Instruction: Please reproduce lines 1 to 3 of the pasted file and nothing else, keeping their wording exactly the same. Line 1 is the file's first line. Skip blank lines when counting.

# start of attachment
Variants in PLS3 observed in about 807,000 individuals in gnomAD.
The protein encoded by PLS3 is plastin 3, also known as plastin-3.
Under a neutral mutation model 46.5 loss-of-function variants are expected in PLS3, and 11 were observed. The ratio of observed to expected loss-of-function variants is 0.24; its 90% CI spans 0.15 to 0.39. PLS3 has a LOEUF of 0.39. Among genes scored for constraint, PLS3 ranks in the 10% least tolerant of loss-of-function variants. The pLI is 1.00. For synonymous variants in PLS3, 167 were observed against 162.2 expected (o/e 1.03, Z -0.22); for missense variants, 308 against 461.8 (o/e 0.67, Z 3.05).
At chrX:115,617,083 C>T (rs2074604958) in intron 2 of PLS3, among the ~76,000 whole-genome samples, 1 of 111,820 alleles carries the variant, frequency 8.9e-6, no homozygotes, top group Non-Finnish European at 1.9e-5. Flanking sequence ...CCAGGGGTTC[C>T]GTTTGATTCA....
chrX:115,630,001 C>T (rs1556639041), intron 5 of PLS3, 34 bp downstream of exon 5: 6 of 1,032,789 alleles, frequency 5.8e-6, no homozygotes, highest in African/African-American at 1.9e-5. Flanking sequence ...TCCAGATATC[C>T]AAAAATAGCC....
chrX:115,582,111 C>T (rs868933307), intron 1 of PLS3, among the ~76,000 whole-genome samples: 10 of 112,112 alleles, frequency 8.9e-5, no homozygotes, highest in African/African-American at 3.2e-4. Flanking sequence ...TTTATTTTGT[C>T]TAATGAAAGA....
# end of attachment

Variants in PLS3 observed in about 807,000 individuals in gnomAD.
The protein encoded by PLS3 is plastin 3, also known as plastin-3.
Under a neutral mutation model 46.5 loss-of-function variants are expected in PLS3, and 11 were observed. The ratio of observed to expected loss-of-function variants is 0.24; its 90% CI spans 0.15 to 0.39. PLS3 has a LOEUF of 0.39. Among genes scored for constraint, PLS3 ranks in the 10% least tolerant of loss-of-function variants. The pLI is 1.00. For synonymous variants in PLS3, 167 were observed against 162.2 expected (o/e 1.03, Z -0.22); for missense variants, 308 against 461.8 (o/e 0.67, Z 3.05).